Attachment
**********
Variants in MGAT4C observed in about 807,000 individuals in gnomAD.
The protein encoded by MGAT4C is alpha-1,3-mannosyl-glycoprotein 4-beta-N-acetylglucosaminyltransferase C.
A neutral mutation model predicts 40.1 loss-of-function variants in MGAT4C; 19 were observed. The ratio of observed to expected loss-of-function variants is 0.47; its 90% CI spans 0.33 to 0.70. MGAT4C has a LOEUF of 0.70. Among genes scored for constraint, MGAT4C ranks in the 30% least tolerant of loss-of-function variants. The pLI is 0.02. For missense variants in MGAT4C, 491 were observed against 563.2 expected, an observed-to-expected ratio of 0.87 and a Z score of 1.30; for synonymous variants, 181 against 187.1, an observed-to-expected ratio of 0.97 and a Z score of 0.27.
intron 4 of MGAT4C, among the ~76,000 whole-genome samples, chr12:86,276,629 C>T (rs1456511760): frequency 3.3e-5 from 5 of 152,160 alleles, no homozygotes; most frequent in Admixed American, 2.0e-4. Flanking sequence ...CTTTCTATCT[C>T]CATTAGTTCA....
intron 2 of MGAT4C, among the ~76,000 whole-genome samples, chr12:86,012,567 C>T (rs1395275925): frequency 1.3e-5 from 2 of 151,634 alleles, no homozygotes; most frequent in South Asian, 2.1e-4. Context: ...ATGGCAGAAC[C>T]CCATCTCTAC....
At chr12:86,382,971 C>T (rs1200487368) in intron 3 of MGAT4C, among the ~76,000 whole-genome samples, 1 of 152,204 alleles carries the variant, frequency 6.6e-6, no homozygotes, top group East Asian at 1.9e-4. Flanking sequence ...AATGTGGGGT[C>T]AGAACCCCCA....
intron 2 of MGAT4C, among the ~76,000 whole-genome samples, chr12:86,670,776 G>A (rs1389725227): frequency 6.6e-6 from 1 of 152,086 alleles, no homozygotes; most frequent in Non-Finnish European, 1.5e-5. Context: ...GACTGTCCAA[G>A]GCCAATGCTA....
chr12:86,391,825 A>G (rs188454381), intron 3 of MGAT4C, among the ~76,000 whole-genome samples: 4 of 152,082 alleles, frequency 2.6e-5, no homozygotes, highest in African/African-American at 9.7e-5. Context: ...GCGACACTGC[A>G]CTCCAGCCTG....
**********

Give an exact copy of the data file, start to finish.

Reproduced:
Variants in MGAT4C observed in about 807,000 individuals in gnomAD.
The protein encoded by MGAT4C is alpha-1,3-mannosyl-glycoprotein 4-beta-N-acetylglucosaminyltransferase C.
A neutral mutation model predicts 40.1 loss-of-function variants in MGAT4C; 19 were observed. The ratio of observed to expected loss-of-function variants is 0.47; its 90% CI spans 0.33 to 0.70. MGAT4C has a LOEUF of 0.70. Among genes scored for constraint, MGAT4C ranks in the 30% least tolerant of loss-of-function variants. The pLI is 0.02. For missense variants in MGAT4C, 491 were observed against 563.2 expected, an observed-to-expected ratio of 0.87 and a Z score of 1.30; for synonymous variants, 181 against 187.1, an observed-to-expected ratio of 0.97 and a Z score of 0.27.
intron 4 of MGAT4C, among the ~76,000 whole-genome samples, chr12:86,276,629 C>T (rs1456511760): frequency 3.3e-5 from 5 of 152,160 alleles, no homozygotes; most frequent in Admixed American, 2.0e-4. Flanking sequence ...CTTTCTATCT[C>T]CATTAGTTCA....
intron 2 of MGAT4C, among the ~76,000 whole-genome samples, chr12:86,012,567 C>T (rs1395275925): frequency 1.3e-5 from 2 of 151,634 alleles, no homozygotes; most frequent in South Asian, 2.1e-4. Context: ...ATGGCAGAAC[C>T]CCATCTCTAC....
At chr12:86,382,971 C>T (rs1200487368) in intron 3 of MGAT4C, among the ~76,000 whole-genome samples, 1 of 152,204 alleles carries the variant, frequency 6.6e-6, no homozygotes, top group East Asian at 1.9e-4. Flanking sequence ...AATGTGGGGT[C>T]AGAACCCCCA....
intron 2 of MGAT4C, among the ~76,000 whole-genome samples, chr12:86,670,776 G>A (rs1389725227): frequency 6.6e-6 from 1 of 152,086 alleles, no homozygotes; most frequent in Non-Finnish European, 1.5e-5. Context: ...GACTGTCCAA[G>A]GCCAATGCTA....
chr12:86,391,825 A>G (rs188454381), intron 3 of MGAT4C, among the ~76,000 whole-genome samples: 4 of 152,082 alleles, frequency 2.6e-5, no homozygotes, highest in African/African-American at 9.7e-5. Context: ...GCGACACTGC[A>G]CTCCAGCCTG....